Established medical organizations and institutions also have websites. These can be trusted to give a version of the accepted knowledge on many topics. This is where my information gathering began to go off the rails. Each site has it's own take on what goes on. This video has the most 'to the point' explanation of the pancreas and pancreatitis.

Even this however is not consistent with other sources that are just as credible. 

After looking at a hundred web pages or so I found that there are a number of possible causes. 

"Acute pancreatitis occurs when intracellular protective mechanisms to prevent trypsinogen activation or reduce trypsin activity are overwhelmed."

"Its etiology and pathogenesis have been intensively investigated for centuries worldwide. In 1856, Claude Bernard suggested that bile reflux into the common pancreatic duct could trigger acute pancreatitis. Several subsequent studies led to theories fuelling the debate until 1901, when Eugene Opie proposed that gallstone migration into the common bile duct is the main cause of acute pancreatitis."

" . . acute biliary pancreatitis is bile-pancreatic duct obstruction, which increases pancreatic duct pressure, bile reflux, trypsin activation and pancreatic auto-digestion."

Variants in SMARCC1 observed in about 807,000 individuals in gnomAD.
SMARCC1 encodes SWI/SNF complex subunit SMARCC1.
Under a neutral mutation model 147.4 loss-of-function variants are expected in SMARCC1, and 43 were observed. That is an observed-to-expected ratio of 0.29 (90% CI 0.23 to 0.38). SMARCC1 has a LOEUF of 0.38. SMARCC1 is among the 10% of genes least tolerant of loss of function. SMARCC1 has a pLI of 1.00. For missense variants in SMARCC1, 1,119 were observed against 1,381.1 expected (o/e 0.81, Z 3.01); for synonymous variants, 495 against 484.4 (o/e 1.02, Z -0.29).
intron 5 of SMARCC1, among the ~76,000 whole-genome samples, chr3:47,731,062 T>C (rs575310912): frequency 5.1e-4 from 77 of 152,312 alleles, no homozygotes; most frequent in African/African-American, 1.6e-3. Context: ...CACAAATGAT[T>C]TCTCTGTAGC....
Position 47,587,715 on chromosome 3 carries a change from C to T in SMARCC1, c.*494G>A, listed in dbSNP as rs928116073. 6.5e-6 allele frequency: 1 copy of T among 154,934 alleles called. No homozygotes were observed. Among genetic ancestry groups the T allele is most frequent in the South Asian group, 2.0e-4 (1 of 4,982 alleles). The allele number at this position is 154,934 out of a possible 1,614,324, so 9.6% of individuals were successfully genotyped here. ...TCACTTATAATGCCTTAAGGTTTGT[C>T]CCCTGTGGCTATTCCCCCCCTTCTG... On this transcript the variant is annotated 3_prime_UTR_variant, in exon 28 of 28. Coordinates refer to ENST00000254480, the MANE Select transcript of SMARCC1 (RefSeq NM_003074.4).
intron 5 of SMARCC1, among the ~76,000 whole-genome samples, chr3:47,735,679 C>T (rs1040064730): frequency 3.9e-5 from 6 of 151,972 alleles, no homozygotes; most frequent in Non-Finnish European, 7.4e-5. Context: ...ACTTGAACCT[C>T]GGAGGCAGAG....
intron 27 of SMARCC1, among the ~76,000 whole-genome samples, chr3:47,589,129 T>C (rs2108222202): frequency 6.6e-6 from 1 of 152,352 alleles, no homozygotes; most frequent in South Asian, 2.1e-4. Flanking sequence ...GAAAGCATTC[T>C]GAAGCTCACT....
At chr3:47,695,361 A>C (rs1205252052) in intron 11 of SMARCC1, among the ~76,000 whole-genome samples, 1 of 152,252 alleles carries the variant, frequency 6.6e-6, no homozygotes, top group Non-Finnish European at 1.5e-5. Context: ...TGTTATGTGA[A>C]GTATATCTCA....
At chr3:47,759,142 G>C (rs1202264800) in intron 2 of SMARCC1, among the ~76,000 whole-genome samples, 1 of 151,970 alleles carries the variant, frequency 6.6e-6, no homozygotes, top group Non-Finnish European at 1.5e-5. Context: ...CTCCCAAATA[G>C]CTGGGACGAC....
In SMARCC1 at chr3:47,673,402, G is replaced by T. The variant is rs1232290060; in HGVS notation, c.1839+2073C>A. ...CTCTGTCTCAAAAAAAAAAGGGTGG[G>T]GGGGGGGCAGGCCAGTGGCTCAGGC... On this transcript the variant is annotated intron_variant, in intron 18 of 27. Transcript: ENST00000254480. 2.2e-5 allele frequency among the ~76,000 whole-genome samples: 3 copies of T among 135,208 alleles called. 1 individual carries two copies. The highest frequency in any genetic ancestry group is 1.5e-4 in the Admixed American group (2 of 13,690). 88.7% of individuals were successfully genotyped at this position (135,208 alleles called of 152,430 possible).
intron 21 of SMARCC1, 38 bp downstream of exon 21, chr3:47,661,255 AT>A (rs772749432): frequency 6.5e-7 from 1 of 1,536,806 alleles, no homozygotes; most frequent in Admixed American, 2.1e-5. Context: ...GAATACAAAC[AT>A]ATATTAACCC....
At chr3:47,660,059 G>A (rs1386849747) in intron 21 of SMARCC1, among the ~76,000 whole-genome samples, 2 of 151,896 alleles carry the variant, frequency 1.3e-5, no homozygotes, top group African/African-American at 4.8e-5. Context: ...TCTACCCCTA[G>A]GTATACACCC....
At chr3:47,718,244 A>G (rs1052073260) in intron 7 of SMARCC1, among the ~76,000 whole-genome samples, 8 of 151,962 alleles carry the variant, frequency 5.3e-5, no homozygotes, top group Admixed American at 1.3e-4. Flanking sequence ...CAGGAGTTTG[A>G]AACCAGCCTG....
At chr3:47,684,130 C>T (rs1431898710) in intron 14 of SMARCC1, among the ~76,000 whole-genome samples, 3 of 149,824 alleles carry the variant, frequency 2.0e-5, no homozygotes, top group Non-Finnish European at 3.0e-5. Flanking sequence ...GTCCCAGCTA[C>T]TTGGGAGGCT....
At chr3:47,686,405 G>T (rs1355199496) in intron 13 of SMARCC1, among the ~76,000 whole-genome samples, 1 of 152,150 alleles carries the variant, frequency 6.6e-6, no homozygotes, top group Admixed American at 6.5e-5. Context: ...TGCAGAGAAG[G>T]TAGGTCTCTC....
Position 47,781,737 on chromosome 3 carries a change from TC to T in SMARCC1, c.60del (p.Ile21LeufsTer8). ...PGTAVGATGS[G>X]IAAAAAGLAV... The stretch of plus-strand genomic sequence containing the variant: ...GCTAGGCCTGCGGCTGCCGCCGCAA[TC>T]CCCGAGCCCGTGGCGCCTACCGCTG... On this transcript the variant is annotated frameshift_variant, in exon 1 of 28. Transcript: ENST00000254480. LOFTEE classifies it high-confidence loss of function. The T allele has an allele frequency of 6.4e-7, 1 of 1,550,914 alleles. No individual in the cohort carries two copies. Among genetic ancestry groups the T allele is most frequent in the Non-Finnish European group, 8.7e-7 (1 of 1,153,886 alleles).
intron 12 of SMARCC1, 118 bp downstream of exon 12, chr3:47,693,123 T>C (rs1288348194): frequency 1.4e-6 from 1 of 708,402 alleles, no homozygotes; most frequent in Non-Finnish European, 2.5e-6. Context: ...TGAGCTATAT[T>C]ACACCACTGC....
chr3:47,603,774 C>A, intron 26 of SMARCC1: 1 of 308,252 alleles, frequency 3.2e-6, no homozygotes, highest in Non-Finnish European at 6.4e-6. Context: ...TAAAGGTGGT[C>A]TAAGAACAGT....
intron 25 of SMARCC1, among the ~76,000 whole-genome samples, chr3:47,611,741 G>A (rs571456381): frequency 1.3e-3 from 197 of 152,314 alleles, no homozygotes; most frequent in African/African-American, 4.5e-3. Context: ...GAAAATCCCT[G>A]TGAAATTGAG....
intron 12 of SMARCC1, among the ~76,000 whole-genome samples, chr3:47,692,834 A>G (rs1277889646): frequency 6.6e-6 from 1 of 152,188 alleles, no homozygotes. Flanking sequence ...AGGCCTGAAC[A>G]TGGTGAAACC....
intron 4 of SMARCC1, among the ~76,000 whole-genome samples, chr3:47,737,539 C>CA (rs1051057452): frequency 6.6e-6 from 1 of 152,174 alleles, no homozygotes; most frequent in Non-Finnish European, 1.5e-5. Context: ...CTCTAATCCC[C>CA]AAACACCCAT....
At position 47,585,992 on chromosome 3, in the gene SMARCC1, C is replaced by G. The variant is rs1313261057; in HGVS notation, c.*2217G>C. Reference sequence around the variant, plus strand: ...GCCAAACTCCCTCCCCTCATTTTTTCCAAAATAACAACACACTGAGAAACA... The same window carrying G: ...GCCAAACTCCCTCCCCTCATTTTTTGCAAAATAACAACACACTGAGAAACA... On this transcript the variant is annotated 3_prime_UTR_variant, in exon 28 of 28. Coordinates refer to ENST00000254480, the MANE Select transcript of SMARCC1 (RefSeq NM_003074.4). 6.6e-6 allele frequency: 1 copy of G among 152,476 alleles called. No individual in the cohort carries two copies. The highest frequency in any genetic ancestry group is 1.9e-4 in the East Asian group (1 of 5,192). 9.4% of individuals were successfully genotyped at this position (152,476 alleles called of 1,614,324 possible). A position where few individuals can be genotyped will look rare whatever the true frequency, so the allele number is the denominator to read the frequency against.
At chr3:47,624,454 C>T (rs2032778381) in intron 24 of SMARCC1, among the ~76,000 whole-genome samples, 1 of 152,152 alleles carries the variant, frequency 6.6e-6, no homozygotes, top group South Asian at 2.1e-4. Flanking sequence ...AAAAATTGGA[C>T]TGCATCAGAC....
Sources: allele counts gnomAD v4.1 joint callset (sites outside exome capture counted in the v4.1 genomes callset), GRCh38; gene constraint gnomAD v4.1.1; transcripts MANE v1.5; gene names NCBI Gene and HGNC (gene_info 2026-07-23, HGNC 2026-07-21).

"In 10%-40% of patients however, no cause is identified (acute idiopathic pancreatitis). Identifying a cause in these patients is important, since the recurrence rate is high."

cholelithiasis (gallstones)
prolonged alcohol use
Idiopathic acute pancreatitis (it could be a lot of things.)
Microlithiasis (sludge)
infection (including mumps, hepatitis, rubella, and Epstein-Barr virus)
surgery that temporarily cuts off blood supply to the pancreas
injury to the abdomen
cystic fibrosis
cigarette smoking
family history of pancreatitis
Occult gallstones (This is when you have gallstones that hold séances)
Use of certain medications (such as corticosteroids, nonsteroidal anti-inflammatory drugs, and antibiotics such as tetracycline)

"The reported annual incidence of acute pancreatitis has ranged from 4.9 to 35 per 100,000 population. Acute pancreatitis is a leading cause of hospitalization in the United States." 

" The true nature of acute pancreatitis still remains to be elucidated. The causes of acute pancreatitis are various, and its mechanism is common." 

"Accurate assessment of disease incidence is difficult since mild disease may be missed. Similarly, death may occur before the diagnosis is made in severe and fulminant attacks. In one report, for example, the diagnosis of acute pancreatitis was not made until autopsy in 10 percent of patients."